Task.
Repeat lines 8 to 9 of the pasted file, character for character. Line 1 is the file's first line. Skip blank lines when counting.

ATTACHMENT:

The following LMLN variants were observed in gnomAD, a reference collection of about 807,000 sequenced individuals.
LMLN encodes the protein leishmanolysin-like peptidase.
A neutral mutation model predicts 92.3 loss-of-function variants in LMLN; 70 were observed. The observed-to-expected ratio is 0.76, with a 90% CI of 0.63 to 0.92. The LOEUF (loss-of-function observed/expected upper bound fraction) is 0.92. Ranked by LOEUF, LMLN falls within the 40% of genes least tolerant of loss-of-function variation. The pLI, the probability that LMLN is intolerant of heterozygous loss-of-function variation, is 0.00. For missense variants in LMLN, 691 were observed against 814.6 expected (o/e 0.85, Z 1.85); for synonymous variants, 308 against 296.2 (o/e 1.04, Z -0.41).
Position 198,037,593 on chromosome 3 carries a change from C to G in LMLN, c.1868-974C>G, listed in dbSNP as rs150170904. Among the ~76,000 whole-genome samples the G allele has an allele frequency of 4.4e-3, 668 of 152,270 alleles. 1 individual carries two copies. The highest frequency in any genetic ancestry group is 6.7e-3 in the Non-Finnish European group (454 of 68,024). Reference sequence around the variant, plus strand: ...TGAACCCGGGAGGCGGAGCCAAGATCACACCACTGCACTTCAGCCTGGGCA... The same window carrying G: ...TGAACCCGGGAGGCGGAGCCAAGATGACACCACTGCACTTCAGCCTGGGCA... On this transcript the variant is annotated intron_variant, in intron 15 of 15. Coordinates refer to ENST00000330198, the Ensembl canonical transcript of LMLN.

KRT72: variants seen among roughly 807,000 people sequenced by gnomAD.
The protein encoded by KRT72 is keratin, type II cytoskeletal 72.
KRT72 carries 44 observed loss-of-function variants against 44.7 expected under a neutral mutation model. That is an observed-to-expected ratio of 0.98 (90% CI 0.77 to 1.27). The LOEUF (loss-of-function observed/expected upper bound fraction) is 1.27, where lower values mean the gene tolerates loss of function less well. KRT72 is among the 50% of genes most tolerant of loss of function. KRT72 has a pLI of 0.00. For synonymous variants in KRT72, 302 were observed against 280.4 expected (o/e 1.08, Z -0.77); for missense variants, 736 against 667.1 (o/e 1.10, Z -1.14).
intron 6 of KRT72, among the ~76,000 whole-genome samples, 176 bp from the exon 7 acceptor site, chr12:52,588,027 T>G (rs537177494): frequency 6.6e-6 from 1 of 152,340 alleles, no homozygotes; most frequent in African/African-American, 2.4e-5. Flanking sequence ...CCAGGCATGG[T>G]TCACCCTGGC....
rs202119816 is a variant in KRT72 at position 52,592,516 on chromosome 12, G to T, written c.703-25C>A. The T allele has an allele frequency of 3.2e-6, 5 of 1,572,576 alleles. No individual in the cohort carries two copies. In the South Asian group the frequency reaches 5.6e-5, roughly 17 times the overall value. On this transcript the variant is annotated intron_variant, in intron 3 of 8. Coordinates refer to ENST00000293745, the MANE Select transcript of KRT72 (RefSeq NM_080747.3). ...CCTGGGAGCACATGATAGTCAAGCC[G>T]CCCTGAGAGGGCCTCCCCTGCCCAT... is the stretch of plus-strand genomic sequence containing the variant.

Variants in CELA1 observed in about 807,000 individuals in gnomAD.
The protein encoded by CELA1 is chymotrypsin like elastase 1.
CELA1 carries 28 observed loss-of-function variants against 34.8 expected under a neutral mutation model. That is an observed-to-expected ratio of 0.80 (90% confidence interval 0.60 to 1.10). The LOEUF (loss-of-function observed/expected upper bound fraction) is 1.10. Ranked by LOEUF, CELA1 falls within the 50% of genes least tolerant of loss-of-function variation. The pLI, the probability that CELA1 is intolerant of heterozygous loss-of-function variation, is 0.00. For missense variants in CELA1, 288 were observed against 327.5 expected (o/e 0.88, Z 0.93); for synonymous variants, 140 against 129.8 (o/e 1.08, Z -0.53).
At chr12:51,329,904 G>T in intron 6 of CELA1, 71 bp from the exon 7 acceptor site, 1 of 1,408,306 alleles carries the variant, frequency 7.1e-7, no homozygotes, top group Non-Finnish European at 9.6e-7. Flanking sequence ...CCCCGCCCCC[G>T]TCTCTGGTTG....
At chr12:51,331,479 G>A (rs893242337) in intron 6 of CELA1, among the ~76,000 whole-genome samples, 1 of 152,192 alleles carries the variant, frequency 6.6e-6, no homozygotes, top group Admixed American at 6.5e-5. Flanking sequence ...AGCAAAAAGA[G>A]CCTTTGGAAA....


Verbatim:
intron 6 of KRT72, among the ~76,000 whole-genome samples, 176 bp from the exon 7 acceptor site, chr12:52,588,027 T>G (rs537177494): frequency 6.6e-6 from 1 of 152,340 alleles, no homozygotes; most frequent in African/African-American, 2.4e-5. Flanking sequence ...CCAGGCATGG[T>G]TCACCCTGGC....
rs202119816 is a variant in KRT72 at position 52,592,516 on chromosome 12, G to T, written c.703-25C>A. The T allele has an allele frequency of 3.2e-6, 5 of 1,572,576 alleles. No individual in the cohort carries two copies. In the South Asian group the frequency reaches 5.6e-5, roughly 17 times the overall value. On this transcript the variant is annotated intron_variant, in intron 3 of 8. Coordinates refer to ENST00000293745, the MANE Select transcript of KRT72 (RefSeq NM_080747.3). ...CCTGGGAGCACATGATAGTCAAGCC[G>T]CCCTGAGAGGGCCTCCCCTGCCCAT... is the stretch of plus-strand genomic sequence containing the variant.